THE BLOG

New Measurement Standards Bring Accountability to Digital Advertising

21/03/2014 11:48 GMT | Updated 20/05/2014 10:59 BST

In light of the escalating convergence between TV and digital advertising, audience verification has become a key performance metric, along with viewability. As the de-facto standard bearer for TV measurement for decades, Nielsen is poised to again remain on top for 2014, thanks to something it hopes will become the industry standard - OCR.

Nielsen's Online Campaign Ratings (OCR) launched commercially in the U.K. in autumn 2012. OCR provides a set of reporting tools to help advertisers measure their digital advertising -specifically, whether brands have reached their target demographic- more effectively. It does this by providing both audience on-target percentage (how many impressions were seen by the target demographic, divided by the total number of impressions served) as well as a digital GRP (Gross Rating Points, TV's traditional success metric) equivalent.

Despite Google's recent endorsement of OCR by allowing Nielsen's technology across their online properties (notably YouTube), OCR's adoption by media buyers as digital currency is not guaranteed. It is, however, widely accepted that the accountability and transparency from GRP-based reporting is indispensable to the digital industry.

This is perfectly demonstrated by Google's simultaneous support of comScore's VCE (Validated Campaign Essentials), a similar audience measurement product that directly competes with OCR. Originally focused on desktop display and video ads in the U.S., the plan will eventually expand to other countries and platforms, including mobile.

As technology and education concurrently develop, advertisers are shifting away from traditional success metrics, like clickthrough and completion rates, in favor of audience measurability and viewability reporting. Although CTR and VTR provide interesting insight around creative effectiveness, they don't provide any insight as to who actually saw the ad - OCR remedies this.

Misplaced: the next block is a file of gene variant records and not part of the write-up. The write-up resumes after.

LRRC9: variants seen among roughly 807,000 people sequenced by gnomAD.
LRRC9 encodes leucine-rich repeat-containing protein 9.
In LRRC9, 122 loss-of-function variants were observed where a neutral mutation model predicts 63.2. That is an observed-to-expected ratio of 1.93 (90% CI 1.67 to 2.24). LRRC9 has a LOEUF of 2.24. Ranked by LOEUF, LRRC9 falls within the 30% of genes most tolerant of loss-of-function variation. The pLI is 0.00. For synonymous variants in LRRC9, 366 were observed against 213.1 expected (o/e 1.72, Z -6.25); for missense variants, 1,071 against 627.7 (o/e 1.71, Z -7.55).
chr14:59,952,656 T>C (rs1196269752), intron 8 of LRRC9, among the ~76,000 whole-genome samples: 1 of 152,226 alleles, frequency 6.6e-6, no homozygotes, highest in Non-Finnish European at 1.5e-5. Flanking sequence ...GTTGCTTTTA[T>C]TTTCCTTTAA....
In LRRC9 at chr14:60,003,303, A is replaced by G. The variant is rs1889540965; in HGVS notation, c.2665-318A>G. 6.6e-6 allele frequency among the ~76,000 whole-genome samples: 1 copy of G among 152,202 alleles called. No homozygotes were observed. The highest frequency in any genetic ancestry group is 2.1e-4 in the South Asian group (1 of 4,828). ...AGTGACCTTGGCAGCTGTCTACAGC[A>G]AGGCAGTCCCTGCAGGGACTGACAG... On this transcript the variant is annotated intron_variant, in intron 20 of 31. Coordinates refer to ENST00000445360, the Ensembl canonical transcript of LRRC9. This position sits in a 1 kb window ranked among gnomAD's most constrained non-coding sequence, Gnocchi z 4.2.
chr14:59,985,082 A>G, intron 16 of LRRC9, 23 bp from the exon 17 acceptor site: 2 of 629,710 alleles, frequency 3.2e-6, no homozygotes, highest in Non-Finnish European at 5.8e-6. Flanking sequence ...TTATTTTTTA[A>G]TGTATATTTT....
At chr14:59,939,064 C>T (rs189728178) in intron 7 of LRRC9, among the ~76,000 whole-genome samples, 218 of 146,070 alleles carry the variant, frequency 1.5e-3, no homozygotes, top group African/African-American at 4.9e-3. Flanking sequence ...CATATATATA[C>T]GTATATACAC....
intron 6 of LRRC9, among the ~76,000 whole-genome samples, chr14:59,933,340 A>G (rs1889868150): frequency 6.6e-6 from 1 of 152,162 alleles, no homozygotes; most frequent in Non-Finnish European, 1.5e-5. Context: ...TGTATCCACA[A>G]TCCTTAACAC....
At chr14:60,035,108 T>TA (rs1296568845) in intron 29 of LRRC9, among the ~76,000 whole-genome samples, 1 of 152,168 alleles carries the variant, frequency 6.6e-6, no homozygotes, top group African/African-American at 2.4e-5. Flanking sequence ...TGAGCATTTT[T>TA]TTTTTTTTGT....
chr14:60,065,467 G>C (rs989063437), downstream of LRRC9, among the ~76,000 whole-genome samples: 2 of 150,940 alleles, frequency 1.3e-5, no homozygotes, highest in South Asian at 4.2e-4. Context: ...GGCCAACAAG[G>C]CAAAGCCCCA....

And the situation needs fixing: if nothing else, OCR revealed that hitting your target audience online is no easy feat. More often than not, advertisers weren't even coming close to hitting their ideal demographic. The overall inefficiencies in reaching a certain age and gender created a digital arms race to develop technology that standardises not only audience verification, but cross-platform measurement.

We think that the GRP is the perfect metric to guinea pig cross-platform performance measurement, especially for video. Since video is typically associated with upper-funnel activity like brand awareness, it lends itself perfectly to examining reach and frequency, as opposed to a direct-response campaign (better measured by clickthrough and conversion rates). Moreover, the similarity between TV and online video allows a true apples-to-apples comparison across mediums.

Finding common ground is paramount, as viewers increasingly don't distinguish how they consume video. Until recently, marketers were perplexed due to the differences in buying and measuring between digital and television. TV is everyone's favorite, but no one really knows how it works - you just hit a certain number of GRPs and you can expect a certain return. Ultimately, OCR creates accountability for advertisers by better attributing changes in ROI.

Nick Reid is managing director of TubeMogul U.K.